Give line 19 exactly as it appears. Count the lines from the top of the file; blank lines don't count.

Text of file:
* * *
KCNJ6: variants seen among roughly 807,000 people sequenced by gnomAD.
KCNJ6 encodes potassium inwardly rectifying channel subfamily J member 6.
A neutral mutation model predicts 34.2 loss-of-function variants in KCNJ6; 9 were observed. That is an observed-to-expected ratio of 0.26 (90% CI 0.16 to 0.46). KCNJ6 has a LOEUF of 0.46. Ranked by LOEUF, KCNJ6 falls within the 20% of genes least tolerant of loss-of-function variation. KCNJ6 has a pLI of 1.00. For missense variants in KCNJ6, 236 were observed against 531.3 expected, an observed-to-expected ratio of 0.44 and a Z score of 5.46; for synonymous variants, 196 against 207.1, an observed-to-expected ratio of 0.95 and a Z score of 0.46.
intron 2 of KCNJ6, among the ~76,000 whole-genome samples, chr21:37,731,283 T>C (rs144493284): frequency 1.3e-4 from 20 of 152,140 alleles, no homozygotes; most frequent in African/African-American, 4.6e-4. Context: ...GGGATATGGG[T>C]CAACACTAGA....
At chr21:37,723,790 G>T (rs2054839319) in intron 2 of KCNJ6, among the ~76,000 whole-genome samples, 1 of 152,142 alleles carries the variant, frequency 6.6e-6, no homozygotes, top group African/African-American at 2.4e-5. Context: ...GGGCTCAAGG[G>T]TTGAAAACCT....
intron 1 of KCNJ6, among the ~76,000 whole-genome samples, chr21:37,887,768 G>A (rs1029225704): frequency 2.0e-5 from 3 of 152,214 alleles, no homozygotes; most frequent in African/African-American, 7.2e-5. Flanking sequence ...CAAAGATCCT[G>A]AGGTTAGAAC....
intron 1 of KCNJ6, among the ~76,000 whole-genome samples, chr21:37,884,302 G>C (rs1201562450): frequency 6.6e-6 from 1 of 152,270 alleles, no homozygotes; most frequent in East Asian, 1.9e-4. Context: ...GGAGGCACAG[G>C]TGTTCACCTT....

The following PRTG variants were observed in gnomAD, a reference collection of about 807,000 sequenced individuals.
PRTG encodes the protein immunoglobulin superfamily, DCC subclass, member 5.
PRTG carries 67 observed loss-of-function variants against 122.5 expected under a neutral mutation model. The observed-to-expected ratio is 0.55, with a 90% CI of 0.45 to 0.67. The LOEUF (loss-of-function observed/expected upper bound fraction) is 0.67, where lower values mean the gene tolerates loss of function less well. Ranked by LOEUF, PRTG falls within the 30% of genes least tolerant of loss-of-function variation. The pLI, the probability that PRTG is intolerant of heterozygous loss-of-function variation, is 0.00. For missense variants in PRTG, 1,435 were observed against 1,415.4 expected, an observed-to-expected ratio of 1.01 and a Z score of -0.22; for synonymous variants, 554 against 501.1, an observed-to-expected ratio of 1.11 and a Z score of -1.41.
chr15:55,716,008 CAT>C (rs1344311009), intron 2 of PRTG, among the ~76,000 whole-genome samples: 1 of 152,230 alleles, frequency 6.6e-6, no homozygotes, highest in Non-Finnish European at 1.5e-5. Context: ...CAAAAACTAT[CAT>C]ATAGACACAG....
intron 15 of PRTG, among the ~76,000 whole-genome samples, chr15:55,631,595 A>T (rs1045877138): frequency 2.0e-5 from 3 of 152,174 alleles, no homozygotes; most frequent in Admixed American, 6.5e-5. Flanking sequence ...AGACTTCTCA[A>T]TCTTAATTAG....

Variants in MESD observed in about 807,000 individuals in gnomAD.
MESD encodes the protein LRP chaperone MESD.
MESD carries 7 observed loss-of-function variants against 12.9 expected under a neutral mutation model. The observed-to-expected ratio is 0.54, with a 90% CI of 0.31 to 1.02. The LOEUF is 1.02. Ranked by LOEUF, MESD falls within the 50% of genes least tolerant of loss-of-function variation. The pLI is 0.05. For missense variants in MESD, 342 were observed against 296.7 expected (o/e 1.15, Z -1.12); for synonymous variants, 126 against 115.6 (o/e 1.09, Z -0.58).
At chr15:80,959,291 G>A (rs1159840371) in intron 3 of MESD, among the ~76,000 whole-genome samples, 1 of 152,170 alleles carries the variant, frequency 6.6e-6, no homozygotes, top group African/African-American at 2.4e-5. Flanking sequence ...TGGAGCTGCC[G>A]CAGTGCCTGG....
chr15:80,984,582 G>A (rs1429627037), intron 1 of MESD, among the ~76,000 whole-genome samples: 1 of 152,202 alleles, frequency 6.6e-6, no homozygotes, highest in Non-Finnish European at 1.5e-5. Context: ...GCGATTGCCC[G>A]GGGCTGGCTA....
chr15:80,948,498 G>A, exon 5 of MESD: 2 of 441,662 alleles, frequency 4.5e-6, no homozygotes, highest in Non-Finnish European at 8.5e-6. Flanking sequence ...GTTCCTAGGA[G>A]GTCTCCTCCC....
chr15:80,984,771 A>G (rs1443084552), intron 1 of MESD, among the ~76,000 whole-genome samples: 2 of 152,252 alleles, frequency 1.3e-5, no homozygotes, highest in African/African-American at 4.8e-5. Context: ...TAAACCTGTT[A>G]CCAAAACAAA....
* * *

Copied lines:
chr15:80,984,771 A>G (rs1443084552), intron 1 of MESD, among the ~76,000 whole-genome samples: 2 of 152,252 alleles, frequency 1.3e-5, no homozygotes, highest in African/African-American at 4.8e-5. Context: ...TAAACCTGTT[A>G]CCAAAACAAA....